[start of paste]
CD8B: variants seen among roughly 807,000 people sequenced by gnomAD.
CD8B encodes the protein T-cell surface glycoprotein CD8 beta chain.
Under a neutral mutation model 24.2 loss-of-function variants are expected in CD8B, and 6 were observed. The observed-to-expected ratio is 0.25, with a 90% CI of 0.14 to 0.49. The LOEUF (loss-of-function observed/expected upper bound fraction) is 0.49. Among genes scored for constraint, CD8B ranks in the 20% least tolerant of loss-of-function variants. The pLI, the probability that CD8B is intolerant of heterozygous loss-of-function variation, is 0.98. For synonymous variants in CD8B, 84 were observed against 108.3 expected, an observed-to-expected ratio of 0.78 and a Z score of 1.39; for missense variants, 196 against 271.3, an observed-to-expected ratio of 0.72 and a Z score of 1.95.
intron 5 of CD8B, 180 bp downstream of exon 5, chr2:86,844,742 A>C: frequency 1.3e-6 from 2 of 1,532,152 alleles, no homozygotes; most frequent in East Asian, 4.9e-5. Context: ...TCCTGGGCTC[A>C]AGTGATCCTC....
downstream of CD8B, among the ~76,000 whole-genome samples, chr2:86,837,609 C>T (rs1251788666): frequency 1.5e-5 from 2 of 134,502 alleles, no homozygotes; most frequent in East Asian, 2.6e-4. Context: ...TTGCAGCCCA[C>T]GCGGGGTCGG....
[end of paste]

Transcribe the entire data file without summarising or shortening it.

CD8B: variants seen among roughly 807,000 people sequenced by gnomAD.
CD8B encodes the protein T-cell surface glycoprotein CD8 beta chain.
Under a neutral mutation model 24.2 loss-of-function variants are expected in CD8B, and 6 were observed. The observed-to-expected ratio is 0.25, with a 90% CI of 0.14 to 0.49. The LOEUF (loss-of-function observed/expected upper bound fraction) is 0.49. Among genes scored for constraint, CD8B ranks in the 20% least tolerant of loss-of-function variants. The pLI, the probability that CD8B is intolerant of heterozygous loss-of-function variation, is 0.98. For synonymous variants in CD8B, 84 were observed against 108.3 expected, an observed-to-expected ratio of 0.78 and a Z score of 1.39; for missense variants, 196 against 271.3, an observed-to-expected ratio of 0.72 and a Z score of 1.95.
intron 5 of CD8B, 180 bp downstream of exon 5, chr2:86,844,742 A>C: frequency 1.3e-6 from 2 of 1,532,152 alleles, no homozygotes; most frequent in East Asian, 4.9e-5. Context: ...TCCTGGGCTC[A>C]AGTGATCCTC....
downstream of CD8B, among the ~76,000 whole-genome samples, chr2:86,837,609 C>T (rs1251788666): frequency 1.5e-5 from 2 of 134,502 alleles, no homozygotes; most frequent in East Asian, 2.6e-4. Context: ...TTGCAGCCCA[C>T]GCGGGGTCGG....